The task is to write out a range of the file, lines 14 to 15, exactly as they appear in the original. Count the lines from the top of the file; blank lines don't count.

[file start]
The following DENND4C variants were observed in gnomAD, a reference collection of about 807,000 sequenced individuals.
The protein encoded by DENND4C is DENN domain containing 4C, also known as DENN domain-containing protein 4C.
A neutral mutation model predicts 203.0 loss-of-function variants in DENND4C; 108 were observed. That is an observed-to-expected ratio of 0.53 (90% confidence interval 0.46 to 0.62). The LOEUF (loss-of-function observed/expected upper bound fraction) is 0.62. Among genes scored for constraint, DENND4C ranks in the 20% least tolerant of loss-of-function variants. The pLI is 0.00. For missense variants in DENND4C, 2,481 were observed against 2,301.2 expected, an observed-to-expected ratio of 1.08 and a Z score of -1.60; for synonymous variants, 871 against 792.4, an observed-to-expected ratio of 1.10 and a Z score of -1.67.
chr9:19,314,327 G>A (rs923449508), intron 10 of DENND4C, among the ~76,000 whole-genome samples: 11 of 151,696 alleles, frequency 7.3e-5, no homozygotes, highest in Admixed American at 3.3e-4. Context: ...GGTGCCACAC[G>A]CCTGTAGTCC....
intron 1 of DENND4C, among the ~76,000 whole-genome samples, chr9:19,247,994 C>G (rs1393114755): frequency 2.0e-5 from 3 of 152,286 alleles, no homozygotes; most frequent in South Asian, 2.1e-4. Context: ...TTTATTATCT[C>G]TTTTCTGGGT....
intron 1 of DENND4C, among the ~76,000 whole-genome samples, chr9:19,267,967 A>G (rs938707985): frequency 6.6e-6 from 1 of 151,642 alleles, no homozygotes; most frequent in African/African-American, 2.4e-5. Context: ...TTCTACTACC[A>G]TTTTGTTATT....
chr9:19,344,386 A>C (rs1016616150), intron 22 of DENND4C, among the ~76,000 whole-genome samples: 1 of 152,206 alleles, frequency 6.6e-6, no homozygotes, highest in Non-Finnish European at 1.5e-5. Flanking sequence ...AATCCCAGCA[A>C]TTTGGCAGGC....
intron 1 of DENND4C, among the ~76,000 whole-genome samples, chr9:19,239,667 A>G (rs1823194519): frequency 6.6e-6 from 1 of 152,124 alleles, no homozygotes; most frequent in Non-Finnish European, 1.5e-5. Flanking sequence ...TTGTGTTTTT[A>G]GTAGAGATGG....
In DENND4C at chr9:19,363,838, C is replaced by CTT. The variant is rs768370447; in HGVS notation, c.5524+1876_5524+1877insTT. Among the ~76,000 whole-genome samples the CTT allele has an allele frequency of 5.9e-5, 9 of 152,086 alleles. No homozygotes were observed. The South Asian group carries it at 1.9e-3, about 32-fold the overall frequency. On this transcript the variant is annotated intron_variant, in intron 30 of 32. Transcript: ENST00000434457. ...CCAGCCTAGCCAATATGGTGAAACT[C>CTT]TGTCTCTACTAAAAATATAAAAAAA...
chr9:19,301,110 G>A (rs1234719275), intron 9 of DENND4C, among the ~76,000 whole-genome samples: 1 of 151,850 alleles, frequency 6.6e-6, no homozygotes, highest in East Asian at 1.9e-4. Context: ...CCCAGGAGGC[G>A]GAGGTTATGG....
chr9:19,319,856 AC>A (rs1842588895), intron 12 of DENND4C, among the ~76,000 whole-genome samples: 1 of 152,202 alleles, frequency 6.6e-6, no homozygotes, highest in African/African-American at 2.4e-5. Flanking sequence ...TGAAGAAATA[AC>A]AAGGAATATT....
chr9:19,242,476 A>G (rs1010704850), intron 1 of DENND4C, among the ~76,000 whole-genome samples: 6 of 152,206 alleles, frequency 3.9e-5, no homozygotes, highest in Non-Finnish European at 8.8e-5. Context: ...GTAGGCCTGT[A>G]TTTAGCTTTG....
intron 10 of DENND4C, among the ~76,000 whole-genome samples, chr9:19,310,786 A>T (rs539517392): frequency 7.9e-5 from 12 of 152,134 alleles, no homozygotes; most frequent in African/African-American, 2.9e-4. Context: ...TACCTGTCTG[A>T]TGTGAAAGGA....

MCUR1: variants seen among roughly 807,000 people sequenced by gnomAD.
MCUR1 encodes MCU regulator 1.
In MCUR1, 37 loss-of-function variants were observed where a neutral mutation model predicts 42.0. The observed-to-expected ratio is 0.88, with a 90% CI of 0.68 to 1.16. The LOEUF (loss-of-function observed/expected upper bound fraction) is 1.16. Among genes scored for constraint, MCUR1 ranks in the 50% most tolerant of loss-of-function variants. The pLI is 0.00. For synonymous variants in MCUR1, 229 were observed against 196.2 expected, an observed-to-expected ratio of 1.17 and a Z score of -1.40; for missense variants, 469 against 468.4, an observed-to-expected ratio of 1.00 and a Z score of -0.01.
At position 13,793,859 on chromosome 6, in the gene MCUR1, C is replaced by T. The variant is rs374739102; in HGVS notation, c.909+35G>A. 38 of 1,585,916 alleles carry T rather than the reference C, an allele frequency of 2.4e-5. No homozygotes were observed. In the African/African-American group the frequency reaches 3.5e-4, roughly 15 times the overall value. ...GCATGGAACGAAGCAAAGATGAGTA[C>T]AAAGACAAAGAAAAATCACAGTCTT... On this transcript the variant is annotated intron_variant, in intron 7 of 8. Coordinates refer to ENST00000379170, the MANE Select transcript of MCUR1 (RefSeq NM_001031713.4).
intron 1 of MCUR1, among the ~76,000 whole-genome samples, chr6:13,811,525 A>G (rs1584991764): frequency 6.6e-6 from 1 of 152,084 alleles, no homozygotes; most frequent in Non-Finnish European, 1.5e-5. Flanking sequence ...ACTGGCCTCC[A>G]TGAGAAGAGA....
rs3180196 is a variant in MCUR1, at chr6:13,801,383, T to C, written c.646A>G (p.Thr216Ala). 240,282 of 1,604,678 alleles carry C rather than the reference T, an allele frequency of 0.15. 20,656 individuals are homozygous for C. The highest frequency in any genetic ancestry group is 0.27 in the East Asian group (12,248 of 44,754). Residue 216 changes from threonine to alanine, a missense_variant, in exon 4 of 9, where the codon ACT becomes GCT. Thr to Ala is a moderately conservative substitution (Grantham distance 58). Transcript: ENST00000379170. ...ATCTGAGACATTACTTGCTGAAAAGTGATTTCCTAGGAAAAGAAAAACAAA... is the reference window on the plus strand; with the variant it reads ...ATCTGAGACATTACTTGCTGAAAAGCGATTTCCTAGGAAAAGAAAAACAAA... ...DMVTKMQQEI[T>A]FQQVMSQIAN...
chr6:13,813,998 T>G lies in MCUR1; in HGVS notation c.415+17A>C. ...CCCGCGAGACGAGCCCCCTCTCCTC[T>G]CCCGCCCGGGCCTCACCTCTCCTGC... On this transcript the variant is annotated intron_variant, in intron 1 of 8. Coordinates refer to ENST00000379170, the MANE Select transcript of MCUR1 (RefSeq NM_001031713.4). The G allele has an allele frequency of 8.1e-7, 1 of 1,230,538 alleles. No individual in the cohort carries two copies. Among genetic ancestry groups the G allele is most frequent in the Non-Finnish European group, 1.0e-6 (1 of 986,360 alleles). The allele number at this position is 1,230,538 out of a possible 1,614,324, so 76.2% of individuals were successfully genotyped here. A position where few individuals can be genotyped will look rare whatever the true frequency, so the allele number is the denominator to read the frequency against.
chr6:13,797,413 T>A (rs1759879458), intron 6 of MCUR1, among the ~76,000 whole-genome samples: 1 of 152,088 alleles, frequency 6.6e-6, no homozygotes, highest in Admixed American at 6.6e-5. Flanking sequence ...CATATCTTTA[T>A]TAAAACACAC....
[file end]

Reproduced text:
MCUR1: variants seen among roughly 807,000 people sequenced by gnomAD.
MCUR1 encodes MCU regulator 1.